[65218-74-8] · C17H12NNaO2 · Sodium 4,6-Diphenyl-1-oxido-2-pyridone · (MW 285.29)
(nonhydrolytic conversion of alkyl and benzyl halides to aldehydes and ketones)
Alternate Name: pyridona.
Physical Data: white solid, mp 299-301 °C.
Solubility: sol methanol, DMF, ethanol.
Preparative Methods: the reagent is not commercially available. It can be synthesized by treatment of ethyl benzoylacetate with Sulfuric Acid to give 4,6-diphenyl-2-pyrone,1 which is converted by reaction with Hydroxylamine followed by base to the title compound (eq 1).2,3
Purification: the salt is used without purification. The N-hydroxy precursor, mp 162 °C, is recrystallized from benzene light petroleum.
Analysis of Reagent Purity: 1H NMR (DMSO-d6) d (ppm) 6.4 (1H, s), 6.5 (1H, s), 7.5 (10H, m).
Handling, Storage, and Precautions: store protected from moisture.
A disadvantage of most of the methods of accomplishing this transformation4 (e.g. the Kröhnke and Kornblum oxidations) is the need for strongly hydrolytic conditions which may be deleterious to sensitive functionality. Furthermore, many of these alternative methods are limited to activated (allylic or benzylic) halides. The reaction employing pyridona developed by Katritzky et al. avoids these problems.3,5-7 This oxidation takes place in two steps. First, the halide and title reagent are allowed to react together in a solvent (usually DMF but also MeOH and EtOH), giving the N-alkoxy-2-pyridone derivative. On thermolysis or photolysis, this compound then undergoes homolytic decomposition to the carbonyl compound and the 2-pyridone (eq 2).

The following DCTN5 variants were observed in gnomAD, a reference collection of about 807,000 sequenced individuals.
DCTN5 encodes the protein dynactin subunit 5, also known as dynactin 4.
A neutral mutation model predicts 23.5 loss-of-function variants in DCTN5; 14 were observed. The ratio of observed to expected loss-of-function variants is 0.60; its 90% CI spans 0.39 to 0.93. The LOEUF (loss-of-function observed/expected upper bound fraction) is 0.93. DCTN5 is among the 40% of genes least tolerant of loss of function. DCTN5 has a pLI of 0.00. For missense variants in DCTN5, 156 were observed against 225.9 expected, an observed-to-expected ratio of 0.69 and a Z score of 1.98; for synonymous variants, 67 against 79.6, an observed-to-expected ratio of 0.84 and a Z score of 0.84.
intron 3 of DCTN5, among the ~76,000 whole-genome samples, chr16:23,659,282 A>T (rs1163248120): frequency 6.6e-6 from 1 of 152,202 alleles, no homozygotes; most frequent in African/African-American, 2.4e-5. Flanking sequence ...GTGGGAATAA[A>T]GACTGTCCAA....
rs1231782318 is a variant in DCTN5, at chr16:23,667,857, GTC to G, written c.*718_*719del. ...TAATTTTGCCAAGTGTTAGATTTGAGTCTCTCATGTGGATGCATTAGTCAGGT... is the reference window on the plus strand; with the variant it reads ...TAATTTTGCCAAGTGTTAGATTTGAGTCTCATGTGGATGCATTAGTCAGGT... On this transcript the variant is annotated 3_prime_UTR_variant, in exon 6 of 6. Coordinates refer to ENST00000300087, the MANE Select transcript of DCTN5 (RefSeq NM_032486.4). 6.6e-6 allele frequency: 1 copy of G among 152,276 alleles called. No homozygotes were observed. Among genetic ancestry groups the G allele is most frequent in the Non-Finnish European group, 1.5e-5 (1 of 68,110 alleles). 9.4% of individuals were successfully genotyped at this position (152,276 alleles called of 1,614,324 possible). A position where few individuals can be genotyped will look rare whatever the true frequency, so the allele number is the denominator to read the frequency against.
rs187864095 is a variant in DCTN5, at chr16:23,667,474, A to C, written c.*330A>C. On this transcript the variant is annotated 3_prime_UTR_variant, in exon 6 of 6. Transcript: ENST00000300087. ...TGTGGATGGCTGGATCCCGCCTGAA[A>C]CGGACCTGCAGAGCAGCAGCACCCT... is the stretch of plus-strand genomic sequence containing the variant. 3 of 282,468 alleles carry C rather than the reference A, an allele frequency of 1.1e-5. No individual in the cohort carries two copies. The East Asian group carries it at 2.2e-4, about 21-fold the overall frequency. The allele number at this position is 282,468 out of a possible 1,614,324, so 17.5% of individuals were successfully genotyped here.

As can be seen from Table 1, the reaction proceeds very smoothly for benzylic halides. For certain aliphatic halides a significant amount of the alcohol is produced as a byproduct in the second step.
The thermolysis is usually performed neat, and the carbonyl compound is obtained as it is formed by distillation from the reaction mixture. The alternative photolysis procedure is conducted with a medium-pressure mercury lamp through a pyrex filter, usually in ethyl acetate or benzene (eq 3). A limitation of the method is the further fragmentation of certain substrates.6
The oxidation may be performed with comparable results with the alternative reagents (1) and (2).8
S. Nicholas Kilényi
Sanofi Research, Brussels, Belgium